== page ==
Proofpoint researchers have observed an emerging trend of social engineering lures around COVID-19 financial relief. These campaigns use the promise of payments by global governments and businesses (specifically financial institutions) aimed at easing the economic impact of the ongoing pandemic to urge users to click links or download files.
In this update, we highlight a few of these campaign examples that are targeting those in the U.S., UK, Australia.
Credential Phish: Trump Administration Covid-19 Check for Most Americans
Key Points: This medium-sized credential phish campaign primarily targeted U.S. healthcare and higher education organizations with a message claiming that the Trump administration is considering sending most American adults a check to help stimulate the economy. The email asks recipients to verify their email account through a malicious link that directs them to a phishing page.
Figure 1 US Payroll COVID-19 Relief Lure
This medium-sized credential phishing campaign primarily targeted the United States and was largely sent to healthcare and higher education organizations. Secondary targeting for this campaign includes the technology industry, including information security companies. The messages are notable for its crude design, as the message has clear grammar and usage errors and uses a basic webpage clearly branded by a free website maker for its credential phishing.
The email notes that “the Trump administration is considering sending most American adults a check for $1,000 as part of the efforts to stimulate the economy and help workers whose jobs have been disrupted by business closures because of the pandemic”.
Recipients are directed to verify their information for the “new payroll directory” by clicking the malicious link in the email.
If the recipient clicks the link, they are taken to the phishing page which asks for their domain\username, email address and password as shown in Figure 2.
Figure 2 US Payroll COVID-19 Relief Credential Phishing Page
Credential Phish: Australian Government Coronavirus/COVID-19 Tax Relief
Key Points: This campaign claims to be sent by a major Australian newspaper and uses subject lines such as "Government announces increased tax benefits in response to the Coronavirus." The messages contain a .PDF attachment with an embedded URL that leads to a OneDrive credential phishing page.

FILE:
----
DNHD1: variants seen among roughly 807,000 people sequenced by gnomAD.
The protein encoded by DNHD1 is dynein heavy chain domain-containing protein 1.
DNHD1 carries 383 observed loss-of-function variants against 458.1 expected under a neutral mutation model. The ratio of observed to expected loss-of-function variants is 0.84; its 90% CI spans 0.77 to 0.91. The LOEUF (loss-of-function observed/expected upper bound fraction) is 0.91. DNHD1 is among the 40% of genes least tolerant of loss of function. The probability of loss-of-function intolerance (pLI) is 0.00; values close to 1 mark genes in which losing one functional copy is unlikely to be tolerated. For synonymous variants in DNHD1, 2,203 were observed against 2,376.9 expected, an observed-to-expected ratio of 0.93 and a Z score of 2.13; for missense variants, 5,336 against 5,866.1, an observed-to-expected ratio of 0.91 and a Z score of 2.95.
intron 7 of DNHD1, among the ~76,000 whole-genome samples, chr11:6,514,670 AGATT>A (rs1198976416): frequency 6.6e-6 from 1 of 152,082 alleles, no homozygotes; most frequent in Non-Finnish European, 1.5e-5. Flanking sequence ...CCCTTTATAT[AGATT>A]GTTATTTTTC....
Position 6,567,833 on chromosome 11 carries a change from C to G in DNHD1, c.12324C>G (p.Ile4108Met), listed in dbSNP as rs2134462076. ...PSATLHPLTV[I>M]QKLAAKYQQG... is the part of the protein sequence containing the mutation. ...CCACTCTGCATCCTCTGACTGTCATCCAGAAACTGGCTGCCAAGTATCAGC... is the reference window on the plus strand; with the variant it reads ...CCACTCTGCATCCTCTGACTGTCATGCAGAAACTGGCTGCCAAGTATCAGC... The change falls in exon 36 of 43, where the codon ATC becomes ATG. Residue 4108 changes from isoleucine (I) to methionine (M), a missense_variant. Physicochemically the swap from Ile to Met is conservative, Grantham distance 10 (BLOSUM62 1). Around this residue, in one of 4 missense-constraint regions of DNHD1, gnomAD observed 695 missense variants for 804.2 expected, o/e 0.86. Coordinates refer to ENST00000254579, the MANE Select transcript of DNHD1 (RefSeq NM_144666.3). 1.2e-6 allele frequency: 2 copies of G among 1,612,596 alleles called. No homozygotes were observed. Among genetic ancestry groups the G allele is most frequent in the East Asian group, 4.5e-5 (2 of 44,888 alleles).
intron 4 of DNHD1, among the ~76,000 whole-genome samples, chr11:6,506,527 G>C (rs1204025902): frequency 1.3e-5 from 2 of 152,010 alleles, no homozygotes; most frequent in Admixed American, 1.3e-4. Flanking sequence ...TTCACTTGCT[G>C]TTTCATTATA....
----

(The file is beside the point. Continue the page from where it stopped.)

Figure 3 Australian COVID-19 Tax Benefit Lure
The emails within this campaign claim to be delivered by a major newspaper in Australia. Figure 3 shows that it is actually delivered by a Romanian top-level domain address of “.ro.” To appear authentic, the message includes supposed contact information for the paper and notes that they are “…happy to advise that we have now moved back to” the address provided. It’s notable that the address in the email does not match the newspaper being spoofed.
The email claims that the “Government has released its stimulus package in response to the Coronavirus outbreak” and encourages the recipient to open the malicious attachment for more details.
The attachment is an Adobe .PDF document with spoofed Microsoft OneDrive branding that informs users that “Your document is waiting for you” and encourages them to click the embedded link as shown in Figure 4.
Figure 4 Australian COVID-19 Tax Benefit Malicious Attachment
After clicking the link, the recipient is taken to a page that asks for their Microsoft OneDrive credentials.
Credential Phish: WHO-IMF “Relief Compensation” Steals Emails and Passwords
Key Points: This small email campaign targets technology and IT organizations with a subject line of "COVID 19 : Relief Compensation." It claims to come from the World Health Organization (WHO) and the International Monetary Fund (IMF) and says the recipient has “been randomly selected to be compensated financially due to the outbreak of the COVID-19 Epidemic outbreak” with a malicious Microsoft Excel branded attachment that gathers emails and passwords.
Figure 5 Fake WHO and IMF Compensation Lure
This small email campaign targets technology and IT companies and arrives with a subject line of "COVID 19 : Relief Compensation." It claims to come from the World Health Organization (WHO) working with the International Monetary Fund (IMF). It tells the recipient that they have “been randomly selected to be compensated financially due to the outbreak of the COVID-19 Epidemic outbreak”. It goes on to say that the recipient will be “paid through our paying center in london [SIC] for your compensation payment from the International Monetary Fund Office treasury account.” To obtain these funds, the recipient is instructed “view the attached file to print your winning confirmation.”
The attachment is a malicious HTML attachment titled "COVID18-COMPENSATION.html" (note the error of “COVID18 rather than COVID19”). When the attachment is opened it displays a fake Microsoft Excel branded page that asks for the recipient’s email and password as shown in Figure 6.